An abstention doctrine
is any of several doctrines that a court of law
in the United States of America might (or in some cases must) apply to refuse to hear a case, when hearing the case would potentially intrude upon the powers of another court. Such doctrines are usually invoked where lawsuits
involving the same issues are brought in two different courts at the same time, particularly two different court system (e.g., federal and state courts within a federal system).
The United States has a federal court system with limitations on the cases that federal courts can hear, while each state has its own individual court system. In some instances, the jurisdiction of these courts overlaps, so a lawsuit between two parties may be brought in either or both courts. The latter circumstance can lead to confusion, waste of resources, and the appearance that one court is disrespecting the other. Both federal and state courts have developed rules determining when one court will defer to another's jurisdiction over a particular case.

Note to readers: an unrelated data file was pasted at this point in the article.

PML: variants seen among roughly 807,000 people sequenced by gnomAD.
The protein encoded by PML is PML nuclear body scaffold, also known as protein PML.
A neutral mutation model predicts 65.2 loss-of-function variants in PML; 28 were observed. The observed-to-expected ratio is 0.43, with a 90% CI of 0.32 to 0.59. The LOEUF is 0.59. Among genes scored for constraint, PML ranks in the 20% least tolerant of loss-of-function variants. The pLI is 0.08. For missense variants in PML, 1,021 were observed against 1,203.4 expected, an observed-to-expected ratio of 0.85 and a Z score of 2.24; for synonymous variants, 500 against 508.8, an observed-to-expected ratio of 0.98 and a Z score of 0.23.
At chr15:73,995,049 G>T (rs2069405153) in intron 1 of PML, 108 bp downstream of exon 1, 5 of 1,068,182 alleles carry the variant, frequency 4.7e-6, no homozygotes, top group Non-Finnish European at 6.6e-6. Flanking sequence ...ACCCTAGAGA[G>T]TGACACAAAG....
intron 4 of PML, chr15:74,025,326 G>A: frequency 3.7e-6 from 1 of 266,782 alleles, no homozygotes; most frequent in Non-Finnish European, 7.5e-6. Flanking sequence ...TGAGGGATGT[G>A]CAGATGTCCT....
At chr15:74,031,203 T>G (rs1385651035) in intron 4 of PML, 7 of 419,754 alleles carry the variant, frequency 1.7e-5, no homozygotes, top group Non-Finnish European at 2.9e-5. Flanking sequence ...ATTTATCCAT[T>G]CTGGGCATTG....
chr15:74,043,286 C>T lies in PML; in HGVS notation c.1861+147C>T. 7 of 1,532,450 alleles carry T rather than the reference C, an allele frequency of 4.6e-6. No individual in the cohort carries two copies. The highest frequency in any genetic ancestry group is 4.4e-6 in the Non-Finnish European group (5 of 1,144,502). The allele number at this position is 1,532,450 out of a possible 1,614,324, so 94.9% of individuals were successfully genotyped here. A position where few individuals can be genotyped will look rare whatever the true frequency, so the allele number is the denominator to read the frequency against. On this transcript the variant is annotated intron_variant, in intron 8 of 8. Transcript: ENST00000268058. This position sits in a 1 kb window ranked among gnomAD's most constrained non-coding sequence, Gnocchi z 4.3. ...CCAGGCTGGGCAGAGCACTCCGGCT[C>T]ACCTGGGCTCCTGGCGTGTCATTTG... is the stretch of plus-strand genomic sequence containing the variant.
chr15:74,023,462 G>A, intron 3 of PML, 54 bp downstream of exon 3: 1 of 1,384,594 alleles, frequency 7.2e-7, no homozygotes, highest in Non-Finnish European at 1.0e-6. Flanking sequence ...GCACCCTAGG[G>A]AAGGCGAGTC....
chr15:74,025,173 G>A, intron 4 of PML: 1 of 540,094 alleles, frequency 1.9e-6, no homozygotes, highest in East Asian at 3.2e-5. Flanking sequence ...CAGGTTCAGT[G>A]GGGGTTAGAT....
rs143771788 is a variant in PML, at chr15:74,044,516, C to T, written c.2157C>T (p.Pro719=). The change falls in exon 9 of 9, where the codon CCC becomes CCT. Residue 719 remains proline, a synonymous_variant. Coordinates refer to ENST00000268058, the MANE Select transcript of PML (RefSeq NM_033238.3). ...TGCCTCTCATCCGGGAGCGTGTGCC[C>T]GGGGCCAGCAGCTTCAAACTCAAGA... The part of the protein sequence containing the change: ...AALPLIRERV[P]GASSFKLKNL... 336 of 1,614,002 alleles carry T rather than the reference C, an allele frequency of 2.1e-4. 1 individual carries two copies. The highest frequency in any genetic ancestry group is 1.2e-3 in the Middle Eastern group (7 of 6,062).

Federal abstention doctrines
The various abstention doctrines applied by federal courts are named for the Supreme Court
cases in which they were enunciated.
abstention was the first "doctrine of abstention" to be announced by the Court, and is named for Railroad Commission v. Pullman Co.
, 312 U.S. 496 (1941). Concisely, the doctrine holds that "the federal courts should not adjudicate the constitutionality of... Read More